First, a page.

Wow again.

Other folks in the Programmers Chat said we we're not seeing "eye-to-eye".  Wait, what?

A moderator says my responses about {}'s being non-essential and people messing up {}'s were not factual.  I thought I provided facts.  The moderator then simply refuted the facts saying that the facts were not facts.  This is a purely emotional response preventing any rational presentation of evidence.

I'm not sure that's an "eye-to-eye" issue.  That's more of a "I don't like you" issue.

["You're just being a drama queen."  Okay.  I was told that I had a "history" of being "aggressive".  If my history is the basis for refuting the facts, that means this was merely personal.  As in "you're not welcome."]

The Moderator Problem is that there's no recourse.  I have the third-highest reputation, but that carries no actual weight.  My answer was edited in a shockingly heavy-handed way.  The question was closed as "Not Constructive" presumably because the boss's understanding of programming languages (e.g., {}'s are essential) is somehow "correct" and hardly worth responding to.  And I was told that there's no reason to argue with the moderators, I should just "move on".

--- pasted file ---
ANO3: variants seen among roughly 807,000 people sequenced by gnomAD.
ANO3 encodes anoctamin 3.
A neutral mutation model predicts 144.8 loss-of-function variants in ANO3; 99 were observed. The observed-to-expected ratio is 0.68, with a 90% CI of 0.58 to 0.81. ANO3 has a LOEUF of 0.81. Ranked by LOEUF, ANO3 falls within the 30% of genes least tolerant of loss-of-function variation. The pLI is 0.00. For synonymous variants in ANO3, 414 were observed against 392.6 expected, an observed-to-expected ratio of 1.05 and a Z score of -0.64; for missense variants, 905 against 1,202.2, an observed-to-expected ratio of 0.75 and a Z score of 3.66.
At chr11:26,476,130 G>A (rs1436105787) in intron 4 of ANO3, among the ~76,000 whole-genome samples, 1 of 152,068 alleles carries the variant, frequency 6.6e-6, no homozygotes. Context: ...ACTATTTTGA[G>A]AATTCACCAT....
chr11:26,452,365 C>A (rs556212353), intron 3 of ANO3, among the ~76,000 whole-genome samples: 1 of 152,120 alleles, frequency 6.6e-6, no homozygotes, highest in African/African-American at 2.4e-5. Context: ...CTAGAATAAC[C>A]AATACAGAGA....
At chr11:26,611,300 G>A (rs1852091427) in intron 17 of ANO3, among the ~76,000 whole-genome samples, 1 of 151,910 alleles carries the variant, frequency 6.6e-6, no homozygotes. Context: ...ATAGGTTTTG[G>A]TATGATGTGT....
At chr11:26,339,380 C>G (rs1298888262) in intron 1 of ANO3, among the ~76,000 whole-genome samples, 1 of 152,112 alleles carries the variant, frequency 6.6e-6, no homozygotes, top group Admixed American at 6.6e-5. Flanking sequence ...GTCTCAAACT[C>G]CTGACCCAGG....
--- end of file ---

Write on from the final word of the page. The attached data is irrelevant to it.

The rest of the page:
[I was also told to simply roll-back the edits and see what happens next.  That's being equally heavy-handed; a wikipedia edit war wouldn't address the "I deny your facts" problem.]

The design of the stack exchange sites allows flagging questions for moderator attention.  This is pure genius.

But there's no way to flag moderators for further attention.  Perhaps a "revote this answer" kind of process where the up voters and down voters would be notified of a change to an answer.  But that seems complex.  And if the original voters didn't feel like revoting after a change, the results would be indeterminate.